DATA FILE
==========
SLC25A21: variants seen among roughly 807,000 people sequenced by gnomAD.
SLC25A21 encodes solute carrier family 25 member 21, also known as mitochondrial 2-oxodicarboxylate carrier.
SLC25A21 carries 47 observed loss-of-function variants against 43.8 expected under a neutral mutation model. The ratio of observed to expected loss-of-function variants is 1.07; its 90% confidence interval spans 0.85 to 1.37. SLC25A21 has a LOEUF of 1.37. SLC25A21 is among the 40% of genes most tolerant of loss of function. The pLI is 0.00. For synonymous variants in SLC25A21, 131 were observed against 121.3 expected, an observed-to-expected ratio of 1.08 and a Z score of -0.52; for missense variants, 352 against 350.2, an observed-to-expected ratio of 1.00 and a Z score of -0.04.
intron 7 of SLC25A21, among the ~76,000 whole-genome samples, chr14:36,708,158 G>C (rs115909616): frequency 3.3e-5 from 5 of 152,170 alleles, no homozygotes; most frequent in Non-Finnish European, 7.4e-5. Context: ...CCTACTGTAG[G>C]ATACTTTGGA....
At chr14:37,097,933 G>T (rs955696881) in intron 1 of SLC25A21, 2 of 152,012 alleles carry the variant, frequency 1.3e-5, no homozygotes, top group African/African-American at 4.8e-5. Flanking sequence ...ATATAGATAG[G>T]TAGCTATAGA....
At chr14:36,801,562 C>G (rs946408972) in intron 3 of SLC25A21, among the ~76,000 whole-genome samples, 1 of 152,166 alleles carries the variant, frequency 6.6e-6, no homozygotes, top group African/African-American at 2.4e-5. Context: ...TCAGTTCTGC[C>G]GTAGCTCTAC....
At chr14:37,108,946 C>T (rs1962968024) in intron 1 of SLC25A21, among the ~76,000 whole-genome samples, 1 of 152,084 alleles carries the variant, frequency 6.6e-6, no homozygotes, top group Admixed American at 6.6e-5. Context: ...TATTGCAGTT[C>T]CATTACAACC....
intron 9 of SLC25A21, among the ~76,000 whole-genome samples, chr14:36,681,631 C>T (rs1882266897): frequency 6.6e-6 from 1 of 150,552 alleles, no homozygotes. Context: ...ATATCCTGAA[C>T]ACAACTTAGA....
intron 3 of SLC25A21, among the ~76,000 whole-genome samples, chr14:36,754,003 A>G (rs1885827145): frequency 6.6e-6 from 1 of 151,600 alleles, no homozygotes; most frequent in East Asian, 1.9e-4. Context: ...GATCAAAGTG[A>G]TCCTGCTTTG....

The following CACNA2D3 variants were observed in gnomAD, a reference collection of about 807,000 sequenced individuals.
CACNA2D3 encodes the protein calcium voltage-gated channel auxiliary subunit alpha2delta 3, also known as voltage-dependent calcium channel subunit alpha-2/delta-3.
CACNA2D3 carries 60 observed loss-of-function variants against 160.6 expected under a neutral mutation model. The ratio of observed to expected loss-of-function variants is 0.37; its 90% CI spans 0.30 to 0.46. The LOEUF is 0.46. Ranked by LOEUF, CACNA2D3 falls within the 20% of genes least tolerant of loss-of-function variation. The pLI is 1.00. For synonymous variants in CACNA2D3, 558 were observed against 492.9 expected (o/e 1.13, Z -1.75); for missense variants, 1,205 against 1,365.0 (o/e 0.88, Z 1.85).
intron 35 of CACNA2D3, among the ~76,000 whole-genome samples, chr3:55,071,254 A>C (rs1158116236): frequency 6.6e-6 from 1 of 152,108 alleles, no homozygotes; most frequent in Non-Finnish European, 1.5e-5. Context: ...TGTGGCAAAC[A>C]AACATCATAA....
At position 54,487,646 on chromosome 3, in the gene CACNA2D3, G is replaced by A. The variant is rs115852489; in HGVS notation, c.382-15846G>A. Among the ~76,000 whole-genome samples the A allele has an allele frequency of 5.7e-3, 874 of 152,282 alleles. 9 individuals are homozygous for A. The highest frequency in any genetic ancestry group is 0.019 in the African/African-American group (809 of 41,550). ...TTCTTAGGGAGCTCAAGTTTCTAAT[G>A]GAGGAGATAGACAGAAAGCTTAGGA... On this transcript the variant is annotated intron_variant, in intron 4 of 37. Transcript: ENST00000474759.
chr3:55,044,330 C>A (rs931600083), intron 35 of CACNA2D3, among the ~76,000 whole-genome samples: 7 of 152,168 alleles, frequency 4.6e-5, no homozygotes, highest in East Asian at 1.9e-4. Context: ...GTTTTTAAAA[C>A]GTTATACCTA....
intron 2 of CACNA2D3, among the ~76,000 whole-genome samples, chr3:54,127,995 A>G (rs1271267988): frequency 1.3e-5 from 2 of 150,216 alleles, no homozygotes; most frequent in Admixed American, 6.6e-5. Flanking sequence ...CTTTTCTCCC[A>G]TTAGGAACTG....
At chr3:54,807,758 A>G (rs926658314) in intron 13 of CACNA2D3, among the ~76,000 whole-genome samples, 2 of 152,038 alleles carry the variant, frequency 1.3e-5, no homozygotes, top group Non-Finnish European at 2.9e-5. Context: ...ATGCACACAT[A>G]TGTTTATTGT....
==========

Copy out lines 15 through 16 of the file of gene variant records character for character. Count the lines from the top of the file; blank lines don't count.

chr3:55,044,330 C>A (rs931600083), intron 35 of CACNA2D3, among the ~76,000 whole-genome samples: 7 of 152,168 alleles, frequency 4.6e-5, no homozygotes, highest in East Asian at 1.9e-4. Context: ...GTTTTTAAAA[C>A]GTTATACCTA....
intron 2 of CACNA2D3, among the ~76,000 whole-genome samples, chr3:54,127,995 A>G (rs1271267988): frequency 1.3e-5 from 2 of 150,216 alleles, no homozygotes; most frequent in Admixed American, 6.6e-5. Flanking sequence ...CTTTTCTCCC[A>G]TTAGGAACTG....